There may already be industry associations offering free or low-cost options such as online webinars, public conferences, or special lecturing and training events. Locate the trade associations operating in your area and subscribe to their newsletters or regularly check their websites for upcoming events.

Notify your employees of seminars and conferences that would benefit them, and encourage them to attend. This could be a good bonding experience as well as a learning opportunity. Some of these conferences may be free and open to the public, while others may require membership or a small fee. Make note of these details in advance and inform interested participants.

3. Peer-to-Peer Training or Mentoring

Peer-to-peer programs are a good way to elevate the skills of even experienced employees. This involves segmenting them into small teams so they can review their combined performance and discuss strengths and weaknesses as well as share suggestions.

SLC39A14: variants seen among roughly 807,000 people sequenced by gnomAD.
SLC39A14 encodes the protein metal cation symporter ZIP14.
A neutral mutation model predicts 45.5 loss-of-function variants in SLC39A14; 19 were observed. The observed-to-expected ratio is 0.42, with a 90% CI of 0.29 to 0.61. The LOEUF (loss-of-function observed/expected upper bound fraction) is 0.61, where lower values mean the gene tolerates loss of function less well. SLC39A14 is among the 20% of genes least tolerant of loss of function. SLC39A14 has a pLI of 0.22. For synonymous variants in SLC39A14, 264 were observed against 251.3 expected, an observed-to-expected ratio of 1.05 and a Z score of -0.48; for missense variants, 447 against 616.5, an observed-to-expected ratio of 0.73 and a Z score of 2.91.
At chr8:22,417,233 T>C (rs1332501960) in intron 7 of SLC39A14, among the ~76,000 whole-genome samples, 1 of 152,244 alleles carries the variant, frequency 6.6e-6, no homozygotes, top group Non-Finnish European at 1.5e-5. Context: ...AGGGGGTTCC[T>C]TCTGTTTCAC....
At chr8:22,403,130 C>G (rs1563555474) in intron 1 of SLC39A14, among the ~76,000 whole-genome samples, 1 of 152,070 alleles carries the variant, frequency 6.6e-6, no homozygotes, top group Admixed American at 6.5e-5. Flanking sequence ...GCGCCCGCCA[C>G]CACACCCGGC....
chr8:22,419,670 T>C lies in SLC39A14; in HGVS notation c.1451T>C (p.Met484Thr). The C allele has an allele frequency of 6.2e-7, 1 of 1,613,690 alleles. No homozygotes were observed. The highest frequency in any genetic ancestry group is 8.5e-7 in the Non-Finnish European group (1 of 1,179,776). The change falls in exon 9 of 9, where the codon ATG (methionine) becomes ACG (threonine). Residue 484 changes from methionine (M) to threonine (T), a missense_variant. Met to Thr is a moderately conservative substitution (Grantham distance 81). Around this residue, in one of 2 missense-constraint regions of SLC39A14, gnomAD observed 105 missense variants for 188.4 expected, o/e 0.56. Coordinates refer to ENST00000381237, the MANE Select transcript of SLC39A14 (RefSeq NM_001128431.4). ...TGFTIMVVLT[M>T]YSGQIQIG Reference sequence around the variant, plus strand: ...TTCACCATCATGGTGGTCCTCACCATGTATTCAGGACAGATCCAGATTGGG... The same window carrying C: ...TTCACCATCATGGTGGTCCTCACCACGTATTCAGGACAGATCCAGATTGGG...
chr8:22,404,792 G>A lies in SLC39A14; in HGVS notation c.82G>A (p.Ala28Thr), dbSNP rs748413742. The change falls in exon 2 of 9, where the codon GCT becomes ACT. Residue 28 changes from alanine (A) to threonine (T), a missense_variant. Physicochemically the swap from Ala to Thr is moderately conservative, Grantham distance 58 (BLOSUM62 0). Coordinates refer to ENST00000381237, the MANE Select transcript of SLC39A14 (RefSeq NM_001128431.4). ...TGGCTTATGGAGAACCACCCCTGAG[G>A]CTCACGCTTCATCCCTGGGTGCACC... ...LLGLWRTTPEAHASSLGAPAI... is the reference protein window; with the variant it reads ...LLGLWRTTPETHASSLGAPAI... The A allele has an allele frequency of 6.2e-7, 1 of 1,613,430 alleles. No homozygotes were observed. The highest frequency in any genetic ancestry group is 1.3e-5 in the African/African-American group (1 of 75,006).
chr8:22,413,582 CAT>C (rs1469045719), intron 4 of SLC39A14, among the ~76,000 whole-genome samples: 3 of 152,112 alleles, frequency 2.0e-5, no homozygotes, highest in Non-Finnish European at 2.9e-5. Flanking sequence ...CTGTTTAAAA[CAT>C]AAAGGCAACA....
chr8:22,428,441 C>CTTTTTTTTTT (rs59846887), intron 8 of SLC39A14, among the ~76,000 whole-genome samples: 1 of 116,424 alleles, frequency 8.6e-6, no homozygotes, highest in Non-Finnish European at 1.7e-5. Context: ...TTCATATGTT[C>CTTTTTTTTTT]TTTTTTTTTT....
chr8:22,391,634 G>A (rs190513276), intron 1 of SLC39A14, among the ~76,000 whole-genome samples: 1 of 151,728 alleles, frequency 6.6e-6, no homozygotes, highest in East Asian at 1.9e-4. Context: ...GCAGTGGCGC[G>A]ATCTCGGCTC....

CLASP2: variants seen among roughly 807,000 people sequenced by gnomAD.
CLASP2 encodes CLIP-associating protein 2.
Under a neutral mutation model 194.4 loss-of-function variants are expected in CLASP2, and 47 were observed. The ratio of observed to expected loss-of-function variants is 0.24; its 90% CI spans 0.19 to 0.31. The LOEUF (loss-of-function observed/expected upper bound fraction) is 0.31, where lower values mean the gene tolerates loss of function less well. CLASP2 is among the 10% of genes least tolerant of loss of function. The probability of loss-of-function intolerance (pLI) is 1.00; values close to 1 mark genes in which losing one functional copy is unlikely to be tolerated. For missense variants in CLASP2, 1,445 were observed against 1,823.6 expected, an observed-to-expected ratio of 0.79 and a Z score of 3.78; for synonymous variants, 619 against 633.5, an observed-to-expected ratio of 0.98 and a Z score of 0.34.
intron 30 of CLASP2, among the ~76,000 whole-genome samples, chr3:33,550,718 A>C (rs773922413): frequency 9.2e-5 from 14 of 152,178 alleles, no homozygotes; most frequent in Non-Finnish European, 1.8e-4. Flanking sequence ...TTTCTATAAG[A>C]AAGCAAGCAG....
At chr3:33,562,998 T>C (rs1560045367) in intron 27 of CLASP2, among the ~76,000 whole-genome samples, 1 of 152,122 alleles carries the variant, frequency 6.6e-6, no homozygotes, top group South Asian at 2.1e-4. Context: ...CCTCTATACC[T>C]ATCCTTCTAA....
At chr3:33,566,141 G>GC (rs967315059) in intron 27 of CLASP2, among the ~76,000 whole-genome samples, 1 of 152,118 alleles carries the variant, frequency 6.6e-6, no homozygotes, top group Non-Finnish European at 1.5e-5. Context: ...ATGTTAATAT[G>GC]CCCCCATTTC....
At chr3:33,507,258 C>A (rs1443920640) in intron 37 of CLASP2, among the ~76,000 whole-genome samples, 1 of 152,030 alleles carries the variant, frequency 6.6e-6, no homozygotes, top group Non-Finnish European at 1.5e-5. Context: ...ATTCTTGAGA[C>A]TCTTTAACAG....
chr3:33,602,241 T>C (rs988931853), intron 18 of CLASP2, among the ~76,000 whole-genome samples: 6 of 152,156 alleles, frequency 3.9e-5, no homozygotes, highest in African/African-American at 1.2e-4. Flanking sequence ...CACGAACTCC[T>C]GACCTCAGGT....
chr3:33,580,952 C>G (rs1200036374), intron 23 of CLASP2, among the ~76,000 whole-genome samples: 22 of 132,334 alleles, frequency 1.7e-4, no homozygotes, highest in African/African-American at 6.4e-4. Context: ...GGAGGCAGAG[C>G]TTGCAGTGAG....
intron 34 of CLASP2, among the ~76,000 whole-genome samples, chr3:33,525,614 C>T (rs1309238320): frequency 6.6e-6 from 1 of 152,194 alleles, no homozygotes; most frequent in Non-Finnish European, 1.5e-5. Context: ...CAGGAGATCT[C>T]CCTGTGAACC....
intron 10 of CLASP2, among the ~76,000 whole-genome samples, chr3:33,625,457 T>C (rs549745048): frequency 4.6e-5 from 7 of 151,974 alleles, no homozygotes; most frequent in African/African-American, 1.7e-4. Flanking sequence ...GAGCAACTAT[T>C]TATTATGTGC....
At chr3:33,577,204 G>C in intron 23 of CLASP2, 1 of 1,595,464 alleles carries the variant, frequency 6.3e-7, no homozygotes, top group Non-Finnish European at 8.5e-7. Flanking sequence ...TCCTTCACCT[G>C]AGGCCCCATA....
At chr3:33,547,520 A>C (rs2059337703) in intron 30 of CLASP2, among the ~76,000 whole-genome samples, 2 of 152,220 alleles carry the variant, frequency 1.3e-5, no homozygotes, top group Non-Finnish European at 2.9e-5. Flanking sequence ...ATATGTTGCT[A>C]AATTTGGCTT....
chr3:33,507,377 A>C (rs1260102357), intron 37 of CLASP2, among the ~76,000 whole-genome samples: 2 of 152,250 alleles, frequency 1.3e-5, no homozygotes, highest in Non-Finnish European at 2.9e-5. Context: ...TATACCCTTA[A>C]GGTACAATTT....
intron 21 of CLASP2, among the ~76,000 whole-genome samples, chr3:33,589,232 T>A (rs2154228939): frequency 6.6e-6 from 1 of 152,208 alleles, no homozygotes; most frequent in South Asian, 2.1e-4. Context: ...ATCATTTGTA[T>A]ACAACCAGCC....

Mentoring is an excellent way to train employees who are new and speed up their adjustment to their new roles by pairing them with a veteran. Match recent hires with employees possessing superior skills that they can pass on to new team members.

You could use these training experiences in the development of your own in-house training programs. You may have to provide additional compensation, but make your top performers official trainers who can mentor others or provide guidance to their teams. As an affordable alternative, you could have managers research and develop ongoing training sessions to address specific needs for each team.

4. E-Learning